Sauropods, which include the largest terrestrial animals of all time, were a very wide ranging and successful group. They first appeared in the Early Jurassic and soon spread across the world. By the time of the late Jurassic, North America and Africa were dominated by the diplodocids and brachiosaurids and, by the end of the Late Cretaceous, titanosaurids were widespread (though only in the southern hemisphere). Between these periods, in the Early Cretaceous, the fossil record is sparse. Few specimens have been found in North America from that time and those specimens that do exist are often fragmentary or represent juvenile members of their species. Most of the surviving sauropods at the time were also shrinking in size to a mere 15 m (49 ft) in length, and maybe 10–15 t (11–17 short tons), which makes the discovery of an extremely specialized super-giant like Sauroposeidon very unusual.
Sauroposeidon lived on the shores of the Gulf of Mexico, which ran through Oklahoma at that time, in a vast river delta similar to the Mississippi delta today. This paleoenvironment, which has been preserved in the Antlers Formation, also stretches from southwest Arkansas through southeastern Oklahoma and into northeastern Texas. This geological formation has not been dated radiometrically. Scientists have used biostratigraphic data and the fact that it shares several of the same genera as the Trinity Group of Texas, to surmise that this formation was laid down during the Albian stage of the Early Cretaceous Period, approximately 110 mya. The area preserved in this formation was a large floodplain that drained into a shallow inland sea. Several million years later, this sea would expand to the north, becoming the Western Interior Seaway and dividing North America in two for nearly the entire Late Cretaceous period. The paleoenvironment of Sauroposeidon consisted of tropical or sub-tropical forests, river deltas, coastal swamps, bayous and lagoons, probably similar to that of modern-day Louisiana. There were few predators which could attempt to attack a full-grown Sauroposeidon, but juveniles were likely to be preyed on by the contemporary Acrocanthosaurus atokensis  (a carnosaur slightly smaller than a Tyrannosaurus), which likely were the apex predators in this region, and the small coelurosaur Deinonychus antirrhopus. Sauroposeidon also shared its paleoenvironment with other dinosaurs, such as the sauropod Astrodon (Pleurocoelus) and the most common dinosaur in this region, the ornithopod Tenontosaurus. Other vertebrates present during this time included the amphibian Albanerpeton arthridion, the reptiles Atokasaurus metarsiodon and Ptilotodon wilsoni, the crurotarsan reptile Bernissartia, the cartilaginous fish Hybodus buderi and Lissodus anitae, the ray-finned fish Gyronchus dumblei, the crocodilians Goniopholis and Paluxysuchus, and the turtles Glyptops and Naomichelys. Possible indeterminate bird remains are also known from the Antlers Formation. The fossil evidence suggests that the gar Lepisosteus was the most common vertebrate in this region. The early mammals known from this region included Atokatherium boreni and Paracimexomys crossi.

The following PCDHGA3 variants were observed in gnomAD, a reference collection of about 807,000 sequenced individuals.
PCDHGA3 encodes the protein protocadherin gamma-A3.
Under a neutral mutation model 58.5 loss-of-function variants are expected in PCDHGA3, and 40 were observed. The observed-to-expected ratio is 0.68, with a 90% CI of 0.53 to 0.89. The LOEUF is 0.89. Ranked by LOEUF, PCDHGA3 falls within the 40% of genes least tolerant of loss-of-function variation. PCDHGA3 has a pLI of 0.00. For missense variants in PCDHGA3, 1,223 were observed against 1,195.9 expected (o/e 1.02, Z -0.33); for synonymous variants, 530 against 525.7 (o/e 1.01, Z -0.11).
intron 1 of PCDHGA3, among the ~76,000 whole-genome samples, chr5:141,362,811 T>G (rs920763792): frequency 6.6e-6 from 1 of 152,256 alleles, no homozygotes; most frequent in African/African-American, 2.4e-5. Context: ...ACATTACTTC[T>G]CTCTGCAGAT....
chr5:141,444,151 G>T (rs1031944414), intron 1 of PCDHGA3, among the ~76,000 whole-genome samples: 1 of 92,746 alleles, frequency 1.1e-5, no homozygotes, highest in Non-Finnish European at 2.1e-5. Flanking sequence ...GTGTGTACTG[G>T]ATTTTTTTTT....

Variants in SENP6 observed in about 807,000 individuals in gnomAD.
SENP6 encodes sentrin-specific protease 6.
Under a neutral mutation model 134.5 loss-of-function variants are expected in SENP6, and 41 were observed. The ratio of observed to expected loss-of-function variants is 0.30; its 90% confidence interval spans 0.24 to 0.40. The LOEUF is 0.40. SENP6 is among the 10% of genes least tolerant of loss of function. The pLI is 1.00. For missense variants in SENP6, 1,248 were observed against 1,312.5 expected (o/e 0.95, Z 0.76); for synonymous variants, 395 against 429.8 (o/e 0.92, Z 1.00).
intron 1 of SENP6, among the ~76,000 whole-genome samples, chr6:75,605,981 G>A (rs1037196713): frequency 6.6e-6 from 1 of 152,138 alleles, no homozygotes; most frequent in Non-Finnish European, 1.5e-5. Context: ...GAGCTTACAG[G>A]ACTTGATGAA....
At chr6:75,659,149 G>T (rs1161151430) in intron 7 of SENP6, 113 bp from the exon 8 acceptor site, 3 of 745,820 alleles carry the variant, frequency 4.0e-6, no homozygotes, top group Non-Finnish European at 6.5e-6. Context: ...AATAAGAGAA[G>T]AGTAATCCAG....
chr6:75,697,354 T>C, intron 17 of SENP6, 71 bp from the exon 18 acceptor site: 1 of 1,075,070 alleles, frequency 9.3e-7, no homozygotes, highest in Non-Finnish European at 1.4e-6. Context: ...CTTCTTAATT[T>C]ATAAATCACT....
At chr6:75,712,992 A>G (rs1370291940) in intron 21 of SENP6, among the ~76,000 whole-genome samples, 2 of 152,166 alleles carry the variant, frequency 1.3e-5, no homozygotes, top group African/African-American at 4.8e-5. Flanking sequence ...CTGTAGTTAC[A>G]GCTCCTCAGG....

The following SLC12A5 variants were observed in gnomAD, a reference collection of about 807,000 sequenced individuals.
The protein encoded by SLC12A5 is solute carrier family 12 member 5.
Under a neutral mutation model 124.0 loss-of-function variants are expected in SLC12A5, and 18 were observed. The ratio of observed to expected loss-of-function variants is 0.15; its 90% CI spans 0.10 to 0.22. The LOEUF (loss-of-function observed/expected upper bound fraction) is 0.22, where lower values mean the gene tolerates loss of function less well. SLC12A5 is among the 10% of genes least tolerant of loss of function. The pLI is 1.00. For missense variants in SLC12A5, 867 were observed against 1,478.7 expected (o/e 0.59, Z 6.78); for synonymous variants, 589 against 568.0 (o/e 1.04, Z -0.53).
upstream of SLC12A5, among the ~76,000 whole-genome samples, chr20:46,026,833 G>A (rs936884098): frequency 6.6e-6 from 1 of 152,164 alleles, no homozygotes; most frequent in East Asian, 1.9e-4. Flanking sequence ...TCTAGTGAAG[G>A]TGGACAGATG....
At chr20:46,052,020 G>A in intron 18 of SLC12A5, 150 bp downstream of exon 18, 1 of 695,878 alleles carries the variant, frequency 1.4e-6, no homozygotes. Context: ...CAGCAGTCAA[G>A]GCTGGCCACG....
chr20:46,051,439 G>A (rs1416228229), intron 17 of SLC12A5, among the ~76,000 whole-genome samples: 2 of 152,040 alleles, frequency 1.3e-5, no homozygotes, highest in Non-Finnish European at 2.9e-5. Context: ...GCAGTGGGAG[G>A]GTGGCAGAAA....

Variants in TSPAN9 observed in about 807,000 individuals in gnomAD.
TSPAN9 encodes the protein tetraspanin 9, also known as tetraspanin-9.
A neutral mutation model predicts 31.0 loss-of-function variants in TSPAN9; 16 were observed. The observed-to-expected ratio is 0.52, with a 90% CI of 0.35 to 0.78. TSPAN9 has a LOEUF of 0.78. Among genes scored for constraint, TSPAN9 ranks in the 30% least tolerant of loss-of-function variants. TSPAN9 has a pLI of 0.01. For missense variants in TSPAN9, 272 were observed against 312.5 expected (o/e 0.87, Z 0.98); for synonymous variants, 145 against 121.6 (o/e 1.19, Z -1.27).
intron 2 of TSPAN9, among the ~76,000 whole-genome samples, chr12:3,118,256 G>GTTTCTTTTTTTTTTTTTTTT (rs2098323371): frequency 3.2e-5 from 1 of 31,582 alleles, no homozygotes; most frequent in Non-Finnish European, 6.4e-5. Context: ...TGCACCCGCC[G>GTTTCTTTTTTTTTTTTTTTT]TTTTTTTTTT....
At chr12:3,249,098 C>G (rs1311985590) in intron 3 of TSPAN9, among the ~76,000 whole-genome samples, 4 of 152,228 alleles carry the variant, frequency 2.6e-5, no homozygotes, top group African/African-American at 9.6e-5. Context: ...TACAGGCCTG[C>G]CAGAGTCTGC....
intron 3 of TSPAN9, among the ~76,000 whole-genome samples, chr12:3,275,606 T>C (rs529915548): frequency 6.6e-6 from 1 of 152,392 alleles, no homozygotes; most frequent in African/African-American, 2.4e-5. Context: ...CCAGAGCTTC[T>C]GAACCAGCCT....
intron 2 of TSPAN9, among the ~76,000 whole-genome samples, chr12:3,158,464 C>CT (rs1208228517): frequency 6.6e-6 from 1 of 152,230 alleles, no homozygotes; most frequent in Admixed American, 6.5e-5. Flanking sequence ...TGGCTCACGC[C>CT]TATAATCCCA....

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- According to Wedel et al. (2005), the etymology of the name is based on Poseidon's association with earthquakes, not the sea.
- Wedel, Mathew J.; Cifelli, R. L.; Sanders, R.. K. (2000). "Osteology, paleobiology, and relationships of the sauropod dinosaur Sauroposeidon" (PDF). Acta Palaeontologica Polonica. 45: 343–3888.
- D'Emic, M.D. and B.Z. Foreman, B.Z. (2012). "The beginning of the sauropod dinosaur hiatus in North America: insights from the Lower Cretaceous Cloverly Formation of Wyoming." Journal of Vertebrate Paleontology, 32(4): 883-902. doi:10.1080/02724634.2012.671204
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- Brusatte, Steve (2000). "Matt Wedel". Paleontology Interviews. Dino Land. Archived from the original on 2009-10-26. Retrieved 2008-08-14.
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- Brinkman, Daniel L.; Cifelli, Richard L.; & Czaplewski, Nicholas J. (1998). ""First occurrence of Deinonychus antirrhopus (Dinosauria: Theropoda) from the Antlers Formation (Lower Cretaceous: Aptian – Albian) of Oklahoma"". Oklahoma Geological Survey Bulletin 146: 1–27.
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- A non-technical article on Dino Land, with links to various news reports.